10. Greg, the engineer loves the first method and the ability to adjust the values in the spreadsheet to suit your personal take on the worth of the value. however, the reality is that you’ll need both methods depending on the person using it.
    Think of it like the financial term “payback”. Anyone who knows basic finance knows that this term is not valid since it does not incorporate the time value of money, but payback is commonly used in business since it is easy to calculate and relate to. Real analysis is much more detailed. I see the same thing with you two methods.

  11. I would either show both RVV and RRP, or just stick with the original RVVs. Those cash ticket prices are meaningless to me, as I would never actually pay them. Since it had been awhile since your initial posts on this subject, people probably just forgot your valuation assumptions for the premium tickets (which by the way seem pretty reasonable to me, and I assume a user could customize in their own spreadsheet copy if desired).

    • What RRV and RRP really boils down to is each user’s perception of the value of premium versus economy. For those who would never pay the cash price, the RRP is irrelevant. For those who would pay the cash price, that means the valuation assumptions are wrong for that user. So the solution seems to be 1) design the spreadsheet so that each user can input his own valuation assumptions for premium tickets, and 2) use a (prominently disclosed) reasonable set of valuation assumptions appropriate for a “typical” user in the generic spreadsheet, which is what you have already done with the RRVs.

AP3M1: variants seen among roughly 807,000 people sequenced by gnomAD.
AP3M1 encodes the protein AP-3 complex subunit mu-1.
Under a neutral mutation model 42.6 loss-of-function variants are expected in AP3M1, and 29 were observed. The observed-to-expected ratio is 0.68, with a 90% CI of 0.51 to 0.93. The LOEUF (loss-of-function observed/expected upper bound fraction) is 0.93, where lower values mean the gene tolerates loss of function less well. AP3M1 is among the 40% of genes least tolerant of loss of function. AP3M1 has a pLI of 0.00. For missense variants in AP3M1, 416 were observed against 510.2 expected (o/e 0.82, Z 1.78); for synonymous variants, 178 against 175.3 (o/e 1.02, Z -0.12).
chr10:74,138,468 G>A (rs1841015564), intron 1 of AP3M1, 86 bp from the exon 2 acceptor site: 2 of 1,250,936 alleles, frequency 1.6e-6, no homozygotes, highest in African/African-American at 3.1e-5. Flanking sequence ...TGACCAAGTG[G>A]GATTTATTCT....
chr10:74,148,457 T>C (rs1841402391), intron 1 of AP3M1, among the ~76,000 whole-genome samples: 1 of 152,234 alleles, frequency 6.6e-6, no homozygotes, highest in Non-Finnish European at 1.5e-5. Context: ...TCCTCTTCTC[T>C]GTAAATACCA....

12. Greg:
    I prefer the cash value. When I look at booking a ticket with points vs. cash, I divide the cost of the ticket by the number of points for the ticket to get the cents/point I am getting. I then look at what my points cost me and if the value of the points realized is greater than the cost of the points, I book the ticket.